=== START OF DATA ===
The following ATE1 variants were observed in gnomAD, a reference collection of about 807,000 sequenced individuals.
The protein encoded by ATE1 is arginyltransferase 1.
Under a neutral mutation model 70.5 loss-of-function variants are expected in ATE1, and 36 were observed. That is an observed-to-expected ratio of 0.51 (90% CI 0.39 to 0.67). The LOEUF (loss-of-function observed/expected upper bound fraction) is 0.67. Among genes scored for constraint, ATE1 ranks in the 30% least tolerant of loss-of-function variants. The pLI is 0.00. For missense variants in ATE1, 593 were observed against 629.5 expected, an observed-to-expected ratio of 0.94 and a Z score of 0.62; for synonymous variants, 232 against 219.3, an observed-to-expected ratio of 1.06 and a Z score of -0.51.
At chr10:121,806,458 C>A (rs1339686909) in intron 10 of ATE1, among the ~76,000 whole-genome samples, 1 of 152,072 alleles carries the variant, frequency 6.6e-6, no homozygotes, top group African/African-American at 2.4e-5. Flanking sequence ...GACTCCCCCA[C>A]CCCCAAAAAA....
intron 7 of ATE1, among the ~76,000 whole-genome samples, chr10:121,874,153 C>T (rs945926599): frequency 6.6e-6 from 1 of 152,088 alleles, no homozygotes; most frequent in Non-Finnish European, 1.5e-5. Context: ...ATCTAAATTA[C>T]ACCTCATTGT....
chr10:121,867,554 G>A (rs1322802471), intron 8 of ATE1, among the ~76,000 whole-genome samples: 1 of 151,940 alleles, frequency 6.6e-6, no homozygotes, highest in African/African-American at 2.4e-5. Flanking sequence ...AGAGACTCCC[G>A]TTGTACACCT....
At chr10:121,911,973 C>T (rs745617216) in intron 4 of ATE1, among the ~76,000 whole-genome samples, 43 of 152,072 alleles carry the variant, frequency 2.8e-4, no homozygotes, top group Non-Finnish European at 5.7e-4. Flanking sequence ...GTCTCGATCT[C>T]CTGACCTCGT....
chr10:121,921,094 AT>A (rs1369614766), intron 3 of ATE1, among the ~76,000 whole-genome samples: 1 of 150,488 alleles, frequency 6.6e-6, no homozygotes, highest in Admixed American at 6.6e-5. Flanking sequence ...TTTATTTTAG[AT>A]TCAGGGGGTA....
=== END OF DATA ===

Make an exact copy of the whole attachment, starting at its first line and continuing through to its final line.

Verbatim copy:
The following ATE1 variants were observed in gnomAD, a reference collection of about 807,000 sequenced individuals.
The protein encoded by ATE1 is arginyltransferase 1.
Under a neutral mutation model 70.5 loss-of-function variants are expected in ATE1, and 36 were observed. That is an observed-to-expected ratio of 0.51 (90% CI 0.39 to 0.67). The LOEUF (loss-of-function observed/expected upper bound fraction) is 0.67. Among genes scored for constraint, ATE1 ranks in the 30% least tolerant of loss-of-function variants. The pLI is 0.00. For missense variants in ATE1, 593 were observed against 629.5 expected, an observed-to-expected ratio of 0.94 and a Z score of 0.62; for synonymous variants, 232 against 219.3, an observed-to-expected ratio of 1.06 and a Z score of -0.51.
At chr10:121,806,458 C>A (rs1339686909) in intron 10 of ATE1, among the ~76,000 whole-genome samples, 1 of 152,072 alleles carries the variant, frequency 6.6e-6, no homozygotes, top group African/African-American at 2.4e-5. Flanking sequence ...GACTCCCCCA[C>A]CCCCAAAAAA....
intron 7 of ATE1, among the ~76,000 whole-genome samples, chr10:121,874,153 C>T (rs945926599): frequency 6.6e-6 from 1 of 152,088 alleles, no homozygotes; most frequent in Non-Finnish European, 1.5e-5. Context: ...ATCTAAATTA[C>T]ACCTCATTGT....
chr10:121,867,554 G>A (rs1322802471), intron 8 of ATE1, among the ~76,000 whole-genome samples: 1 of 151,940 alleles, frequency 6.6e-6, no homozygotes, highest in African/African-American at 2.4e-5. Flanking sequence ...AGAGACTCCC[G>A]TTGTACACCT....
At chr10:121,911,973 C>T (rs745617216) in intron 4 of ATE1, among the ~76,000 whole-genome samples, 43 of 152,072 alleles carry the variant, frequency 2.8e-4, no homozygotes, top group Non-Finnish European at 5.7e-4. Flanking sequence ...GTCTCGATCT[C>T]CTGACCTCGT....
chr10:121,921,094 AT>A (rs1369614766), intron 3 of ATE1, among the ~76,000 whole-genome samples: 1 of 150,488 alleles, frequency 6.6e-6, no homozygotes, highest in Admixed American at 6.6e-5. Flanking sequence ...TTTATTTTAG[AT>A]TCAGGGGGTA....